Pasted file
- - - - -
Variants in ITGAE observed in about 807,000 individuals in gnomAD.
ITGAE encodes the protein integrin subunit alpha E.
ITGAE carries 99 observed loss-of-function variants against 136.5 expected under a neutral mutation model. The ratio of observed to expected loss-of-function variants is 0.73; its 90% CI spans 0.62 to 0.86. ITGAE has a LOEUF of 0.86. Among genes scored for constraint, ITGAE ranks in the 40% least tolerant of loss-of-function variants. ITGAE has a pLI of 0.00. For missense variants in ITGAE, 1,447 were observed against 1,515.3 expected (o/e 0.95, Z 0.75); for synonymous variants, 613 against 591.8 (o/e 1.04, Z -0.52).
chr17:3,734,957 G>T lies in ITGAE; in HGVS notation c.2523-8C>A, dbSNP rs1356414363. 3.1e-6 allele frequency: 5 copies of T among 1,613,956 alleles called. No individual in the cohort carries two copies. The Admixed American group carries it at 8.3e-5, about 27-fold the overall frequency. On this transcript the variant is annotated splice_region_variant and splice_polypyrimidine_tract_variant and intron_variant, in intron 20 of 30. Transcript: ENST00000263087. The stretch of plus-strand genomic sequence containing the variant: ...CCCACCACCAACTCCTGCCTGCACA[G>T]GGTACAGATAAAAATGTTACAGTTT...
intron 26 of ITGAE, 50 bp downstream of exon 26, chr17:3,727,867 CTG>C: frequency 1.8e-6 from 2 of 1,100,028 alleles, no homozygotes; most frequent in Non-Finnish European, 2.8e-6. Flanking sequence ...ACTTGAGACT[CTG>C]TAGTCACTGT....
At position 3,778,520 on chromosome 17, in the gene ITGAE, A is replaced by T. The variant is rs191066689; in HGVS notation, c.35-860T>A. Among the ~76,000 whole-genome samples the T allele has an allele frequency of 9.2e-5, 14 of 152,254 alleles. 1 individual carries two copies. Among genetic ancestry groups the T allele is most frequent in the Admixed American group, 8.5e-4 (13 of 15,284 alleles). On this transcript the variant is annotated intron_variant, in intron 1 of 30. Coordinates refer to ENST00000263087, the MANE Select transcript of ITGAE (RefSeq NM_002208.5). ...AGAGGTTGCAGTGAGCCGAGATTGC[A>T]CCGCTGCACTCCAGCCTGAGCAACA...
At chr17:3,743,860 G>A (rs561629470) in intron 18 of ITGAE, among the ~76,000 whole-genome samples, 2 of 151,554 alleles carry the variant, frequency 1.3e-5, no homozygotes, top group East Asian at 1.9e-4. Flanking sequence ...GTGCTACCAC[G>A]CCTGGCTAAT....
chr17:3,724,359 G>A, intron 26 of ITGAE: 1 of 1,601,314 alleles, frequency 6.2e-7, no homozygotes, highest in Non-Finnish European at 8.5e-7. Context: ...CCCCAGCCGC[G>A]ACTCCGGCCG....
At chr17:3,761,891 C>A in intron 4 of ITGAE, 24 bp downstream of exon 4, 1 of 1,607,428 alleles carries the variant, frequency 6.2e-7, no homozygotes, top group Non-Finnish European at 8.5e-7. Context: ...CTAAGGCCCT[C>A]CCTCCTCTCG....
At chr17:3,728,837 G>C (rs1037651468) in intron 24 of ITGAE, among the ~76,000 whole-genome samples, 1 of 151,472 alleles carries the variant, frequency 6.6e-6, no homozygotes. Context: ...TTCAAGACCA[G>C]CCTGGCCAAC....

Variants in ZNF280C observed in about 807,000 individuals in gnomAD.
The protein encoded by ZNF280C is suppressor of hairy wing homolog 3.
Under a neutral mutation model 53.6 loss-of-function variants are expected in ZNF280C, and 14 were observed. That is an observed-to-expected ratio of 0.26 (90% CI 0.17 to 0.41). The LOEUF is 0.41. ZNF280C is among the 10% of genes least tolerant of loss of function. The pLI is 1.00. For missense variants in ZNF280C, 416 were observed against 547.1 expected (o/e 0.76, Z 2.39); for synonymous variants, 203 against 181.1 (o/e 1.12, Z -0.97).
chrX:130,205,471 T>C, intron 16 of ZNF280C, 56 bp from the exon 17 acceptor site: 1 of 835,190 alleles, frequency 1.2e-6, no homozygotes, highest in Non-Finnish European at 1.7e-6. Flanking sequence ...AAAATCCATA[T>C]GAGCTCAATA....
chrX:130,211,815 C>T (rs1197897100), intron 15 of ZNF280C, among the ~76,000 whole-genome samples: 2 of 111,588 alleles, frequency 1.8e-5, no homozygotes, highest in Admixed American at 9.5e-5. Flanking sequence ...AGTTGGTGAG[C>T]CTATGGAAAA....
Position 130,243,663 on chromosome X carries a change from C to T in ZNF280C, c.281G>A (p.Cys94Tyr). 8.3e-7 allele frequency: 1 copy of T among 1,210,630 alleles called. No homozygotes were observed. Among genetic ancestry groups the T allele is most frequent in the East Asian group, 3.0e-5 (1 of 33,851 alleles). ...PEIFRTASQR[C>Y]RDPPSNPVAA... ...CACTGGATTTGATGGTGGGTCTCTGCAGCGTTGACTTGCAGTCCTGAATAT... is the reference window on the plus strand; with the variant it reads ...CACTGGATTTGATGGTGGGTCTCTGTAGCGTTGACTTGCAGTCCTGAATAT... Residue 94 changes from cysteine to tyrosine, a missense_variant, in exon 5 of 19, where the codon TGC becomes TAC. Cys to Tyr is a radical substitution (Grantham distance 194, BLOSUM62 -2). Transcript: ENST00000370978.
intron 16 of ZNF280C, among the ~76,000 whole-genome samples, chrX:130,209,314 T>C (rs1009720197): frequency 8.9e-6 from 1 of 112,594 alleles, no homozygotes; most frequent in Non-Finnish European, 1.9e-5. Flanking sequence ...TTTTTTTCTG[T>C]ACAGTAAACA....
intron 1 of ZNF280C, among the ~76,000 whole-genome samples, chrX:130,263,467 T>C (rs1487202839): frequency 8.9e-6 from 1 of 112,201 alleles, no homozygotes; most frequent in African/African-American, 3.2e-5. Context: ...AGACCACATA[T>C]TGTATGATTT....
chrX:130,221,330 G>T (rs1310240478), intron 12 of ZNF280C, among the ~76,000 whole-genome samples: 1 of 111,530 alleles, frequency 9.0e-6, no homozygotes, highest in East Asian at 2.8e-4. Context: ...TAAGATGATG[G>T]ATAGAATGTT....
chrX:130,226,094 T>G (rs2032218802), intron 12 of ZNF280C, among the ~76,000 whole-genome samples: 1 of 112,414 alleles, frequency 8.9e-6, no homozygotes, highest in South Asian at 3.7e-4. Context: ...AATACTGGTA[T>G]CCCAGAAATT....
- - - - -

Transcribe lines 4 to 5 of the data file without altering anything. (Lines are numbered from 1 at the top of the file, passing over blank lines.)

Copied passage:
chr17:3,734,957 G>T lies in ITGAE; in HGVS notation c.2523-8C>A, dbSNP rs1356414363. 3.1e-6 allele frequency: 5 copies of T among 1,613,956 alleles called. No individual in the cohort carries two copies. The Admixed American group carries it at 8.3e-5, about 27-fold the overall frequency. On this transcript the variant is annotated splice_region_variant and splice_polypyrimidine_tract_variant and intron_variant, in intron 20 of 30. Transcript: ENST00000263087. The stretch of plus-strand genomic sequence containing the variant: ...CCCACCACCAACTCCTGCCTGCACA[G>T]GGTACAGATAAAAATGTTACAGTTT...
intron 26 of ITGAE, 50 bp downstream of exon 26, chr17:3,727,867 CTG>C: frequency 1.8e-6 from 2 of 1,100,028 alleles, no homozygotes; most frequent in Non-Finnish European, 2.8e-6. Flanking sequence ...ACTTGAGACT[CTG>C]TAGTCACTGT....